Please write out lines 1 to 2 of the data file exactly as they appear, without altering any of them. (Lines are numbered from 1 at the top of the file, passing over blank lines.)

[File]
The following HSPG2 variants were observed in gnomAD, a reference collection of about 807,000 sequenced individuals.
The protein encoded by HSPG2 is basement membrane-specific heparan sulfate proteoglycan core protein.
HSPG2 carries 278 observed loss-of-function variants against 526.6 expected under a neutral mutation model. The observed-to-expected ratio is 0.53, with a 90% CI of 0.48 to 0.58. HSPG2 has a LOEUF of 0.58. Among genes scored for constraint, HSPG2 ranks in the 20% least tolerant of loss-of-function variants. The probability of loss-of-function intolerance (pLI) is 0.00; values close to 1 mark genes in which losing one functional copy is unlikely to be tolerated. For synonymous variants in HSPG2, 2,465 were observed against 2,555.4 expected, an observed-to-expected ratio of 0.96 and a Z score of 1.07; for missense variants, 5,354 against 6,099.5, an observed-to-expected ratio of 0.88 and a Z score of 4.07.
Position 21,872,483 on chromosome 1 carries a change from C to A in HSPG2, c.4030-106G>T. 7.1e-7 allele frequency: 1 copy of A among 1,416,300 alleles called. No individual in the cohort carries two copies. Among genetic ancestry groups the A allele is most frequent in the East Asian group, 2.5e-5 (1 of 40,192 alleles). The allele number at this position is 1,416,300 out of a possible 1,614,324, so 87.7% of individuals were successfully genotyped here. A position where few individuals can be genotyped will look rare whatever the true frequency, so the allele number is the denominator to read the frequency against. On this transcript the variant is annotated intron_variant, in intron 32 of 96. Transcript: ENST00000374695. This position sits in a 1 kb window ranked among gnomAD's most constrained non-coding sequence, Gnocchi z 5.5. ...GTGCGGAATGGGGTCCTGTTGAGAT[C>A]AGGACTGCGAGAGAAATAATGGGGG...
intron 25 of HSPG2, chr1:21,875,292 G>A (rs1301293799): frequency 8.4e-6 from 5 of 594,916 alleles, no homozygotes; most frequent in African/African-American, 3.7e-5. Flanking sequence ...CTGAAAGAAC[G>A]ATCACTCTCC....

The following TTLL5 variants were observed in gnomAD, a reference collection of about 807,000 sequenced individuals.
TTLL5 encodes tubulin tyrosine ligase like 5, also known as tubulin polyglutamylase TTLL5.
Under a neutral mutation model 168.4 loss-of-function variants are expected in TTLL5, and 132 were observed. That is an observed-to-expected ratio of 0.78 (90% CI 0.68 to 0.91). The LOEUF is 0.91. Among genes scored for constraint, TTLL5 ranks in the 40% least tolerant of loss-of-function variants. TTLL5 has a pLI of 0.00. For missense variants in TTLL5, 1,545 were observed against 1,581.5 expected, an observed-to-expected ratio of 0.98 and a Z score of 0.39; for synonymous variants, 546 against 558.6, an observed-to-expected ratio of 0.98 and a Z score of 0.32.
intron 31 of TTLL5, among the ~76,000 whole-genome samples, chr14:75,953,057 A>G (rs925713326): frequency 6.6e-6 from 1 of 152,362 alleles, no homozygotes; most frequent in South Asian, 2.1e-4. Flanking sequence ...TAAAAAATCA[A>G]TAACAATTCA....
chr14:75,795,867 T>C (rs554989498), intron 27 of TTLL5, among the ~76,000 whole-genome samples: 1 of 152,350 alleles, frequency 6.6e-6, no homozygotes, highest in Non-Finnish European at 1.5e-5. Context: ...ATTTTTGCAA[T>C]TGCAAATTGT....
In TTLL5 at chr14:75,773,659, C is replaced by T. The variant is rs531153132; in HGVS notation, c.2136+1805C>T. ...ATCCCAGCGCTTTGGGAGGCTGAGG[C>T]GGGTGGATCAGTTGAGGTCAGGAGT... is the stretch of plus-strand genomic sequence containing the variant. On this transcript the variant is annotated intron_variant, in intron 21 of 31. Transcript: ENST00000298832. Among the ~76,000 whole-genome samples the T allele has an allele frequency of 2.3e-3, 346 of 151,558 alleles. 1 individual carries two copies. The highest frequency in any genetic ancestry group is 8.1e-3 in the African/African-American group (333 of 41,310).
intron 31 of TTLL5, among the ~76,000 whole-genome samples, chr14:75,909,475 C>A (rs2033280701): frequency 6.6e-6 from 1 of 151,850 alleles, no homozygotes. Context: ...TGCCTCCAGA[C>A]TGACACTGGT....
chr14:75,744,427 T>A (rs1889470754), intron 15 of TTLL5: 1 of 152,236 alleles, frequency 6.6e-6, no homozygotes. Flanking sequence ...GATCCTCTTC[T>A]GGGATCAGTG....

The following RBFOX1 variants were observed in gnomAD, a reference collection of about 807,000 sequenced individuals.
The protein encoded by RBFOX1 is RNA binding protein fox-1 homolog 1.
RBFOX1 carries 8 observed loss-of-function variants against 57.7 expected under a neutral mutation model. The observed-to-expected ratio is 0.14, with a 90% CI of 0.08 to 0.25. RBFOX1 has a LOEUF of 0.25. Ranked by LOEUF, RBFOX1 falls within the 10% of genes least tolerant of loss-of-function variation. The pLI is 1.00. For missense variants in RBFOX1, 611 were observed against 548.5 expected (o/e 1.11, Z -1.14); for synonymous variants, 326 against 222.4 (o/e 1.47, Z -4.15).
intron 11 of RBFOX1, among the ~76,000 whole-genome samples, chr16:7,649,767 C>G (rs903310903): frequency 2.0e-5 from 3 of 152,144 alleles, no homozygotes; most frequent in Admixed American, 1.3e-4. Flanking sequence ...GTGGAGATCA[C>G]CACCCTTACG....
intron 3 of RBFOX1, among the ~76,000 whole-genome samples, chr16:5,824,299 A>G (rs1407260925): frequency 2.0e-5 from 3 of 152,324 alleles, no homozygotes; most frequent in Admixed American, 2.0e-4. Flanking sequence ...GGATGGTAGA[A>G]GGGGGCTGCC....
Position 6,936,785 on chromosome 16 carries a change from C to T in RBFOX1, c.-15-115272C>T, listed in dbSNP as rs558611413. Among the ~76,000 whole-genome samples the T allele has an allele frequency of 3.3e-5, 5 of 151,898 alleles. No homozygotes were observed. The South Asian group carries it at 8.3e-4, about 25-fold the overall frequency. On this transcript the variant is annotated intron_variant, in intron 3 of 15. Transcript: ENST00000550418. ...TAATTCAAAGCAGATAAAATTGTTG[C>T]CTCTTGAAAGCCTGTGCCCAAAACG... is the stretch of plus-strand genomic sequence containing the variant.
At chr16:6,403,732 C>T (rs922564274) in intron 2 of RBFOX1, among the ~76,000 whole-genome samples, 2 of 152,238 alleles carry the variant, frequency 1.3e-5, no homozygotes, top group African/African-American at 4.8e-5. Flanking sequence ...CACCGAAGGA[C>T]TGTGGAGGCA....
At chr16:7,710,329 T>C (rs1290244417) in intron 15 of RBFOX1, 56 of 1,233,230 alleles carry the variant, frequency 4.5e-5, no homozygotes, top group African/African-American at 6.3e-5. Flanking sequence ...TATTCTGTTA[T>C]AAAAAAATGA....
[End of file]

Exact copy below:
The following HSPG2 variants were observed in gnomAD, a reference collection of about 807,000 sequenced individuals.
The protein encoded by HSPG2 is basement membrane-specific heparan sulfate proteoglycan core protein.